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Amazon Web Services (AWS)

Launching a Brytlyt Instance

Launching a Brytlyt instance is quick and easy on AWS. You can search for the Brytlyt AMI in the AWS Marketplace or launch from the product home page. BrytlytDB is a PostgreSQL fork, so all the tools and utilities that work for PostgreSQL will work.

https://aws.amazon.com/marketplace/pp/B074JZNSWZ

Once the instance has launched you can connect to is via SSH directly from linux. Make sure you connect as the ubuntu user.

http://docs.aws.amazon.com/AWSEC2/latest/UserGuide/EC2_GetStarted.html

ssh -i "MyKey.pem" ubuntu@34.204.18.189

You can also connect to the AWS instance using putty. Make sure to connect as the ubuntu user.

http://docs.aws.amazon.com/AWSEC2/latest/UserGuide/putty.html

Using Spot Instances (AWS)

AWS spot instance price varies over time but often the spot instance is 90% cheaper than on-demand instances. There is a risk that your spot instance is terminated before you’ve finished using it. Great for trying things out, not so good for production environments.

Launching a Marketplace AMI on spot is slightly more involved because the AMI is not searchable from the standard Spot Requests launch console, so you need to find it first. To do this, go to the AWS Marketplace product home page. For Brytlyt that home can be found here.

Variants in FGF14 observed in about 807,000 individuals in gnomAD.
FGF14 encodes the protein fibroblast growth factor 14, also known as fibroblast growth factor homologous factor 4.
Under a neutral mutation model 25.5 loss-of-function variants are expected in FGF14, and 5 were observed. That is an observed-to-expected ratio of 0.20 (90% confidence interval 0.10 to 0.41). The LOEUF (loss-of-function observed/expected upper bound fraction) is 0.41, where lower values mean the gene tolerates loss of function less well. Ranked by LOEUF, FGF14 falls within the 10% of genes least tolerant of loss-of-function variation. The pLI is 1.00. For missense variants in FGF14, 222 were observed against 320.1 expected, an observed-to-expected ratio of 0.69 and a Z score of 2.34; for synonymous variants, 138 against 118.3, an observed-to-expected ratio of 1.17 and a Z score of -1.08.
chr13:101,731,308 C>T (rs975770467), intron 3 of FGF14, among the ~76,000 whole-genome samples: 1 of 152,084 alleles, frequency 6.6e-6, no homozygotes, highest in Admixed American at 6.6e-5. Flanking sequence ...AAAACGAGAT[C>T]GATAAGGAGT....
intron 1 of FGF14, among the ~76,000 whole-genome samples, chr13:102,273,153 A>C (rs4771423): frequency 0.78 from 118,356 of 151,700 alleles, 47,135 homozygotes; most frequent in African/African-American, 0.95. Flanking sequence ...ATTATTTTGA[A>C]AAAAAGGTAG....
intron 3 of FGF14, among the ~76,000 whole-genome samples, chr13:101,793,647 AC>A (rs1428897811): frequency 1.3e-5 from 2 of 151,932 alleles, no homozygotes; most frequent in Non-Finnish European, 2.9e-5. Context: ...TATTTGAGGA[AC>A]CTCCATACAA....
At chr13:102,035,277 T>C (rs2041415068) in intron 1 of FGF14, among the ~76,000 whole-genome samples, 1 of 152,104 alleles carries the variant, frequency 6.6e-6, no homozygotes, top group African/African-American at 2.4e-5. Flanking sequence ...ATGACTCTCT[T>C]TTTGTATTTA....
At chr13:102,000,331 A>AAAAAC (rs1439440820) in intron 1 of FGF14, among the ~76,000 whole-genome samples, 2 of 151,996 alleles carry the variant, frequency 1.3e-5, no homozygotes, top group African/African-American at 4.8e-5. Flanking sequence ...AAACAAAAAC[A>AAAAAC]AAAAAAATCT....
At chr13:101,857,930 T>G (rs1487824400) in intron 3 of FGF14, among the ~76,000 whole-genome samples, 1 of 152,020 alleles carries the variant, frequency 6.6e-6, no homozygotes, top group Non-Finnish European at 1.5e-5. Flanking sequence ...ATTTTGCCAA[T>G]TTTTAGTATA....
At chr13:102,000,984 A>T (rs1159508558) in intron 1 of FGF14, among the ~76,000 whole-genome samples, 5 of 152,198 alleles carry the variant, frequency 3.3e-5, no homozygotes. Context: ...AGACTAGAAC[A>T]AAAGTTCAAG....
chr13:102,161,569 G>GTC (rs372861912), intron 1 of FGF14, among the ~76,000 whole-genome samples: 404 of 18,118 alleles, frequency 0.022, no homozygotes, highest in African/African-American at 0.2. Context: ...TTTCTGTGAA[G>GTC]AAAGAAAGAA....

https://aws.amazon.com/marketplace/pp/B074JZNSWZ

Next click on the “Continue” button on the top right. Then click on the “Manual Launch” tab, middle of the three options on the top left. Half down, in the Launch section, you will see a list with an AMI ID for each region. Copy the AMI ID for the region you would like to launch the spot instance in.

Now you have all you need to launch the instance using spot. Go to the EC2 console, select “Spot Requests” and click on the “Search for AMI” button. Past the AMI ID into the “Search by AMI ID or keyword” text box and hit enter. You should now see the AMI and click the blue “Select” button.
Remember to change the instance type to one of the p2 instances and increase the amount of disk storage if necessary by upping the size of each of the six disks that make up the RAID 0 storage array.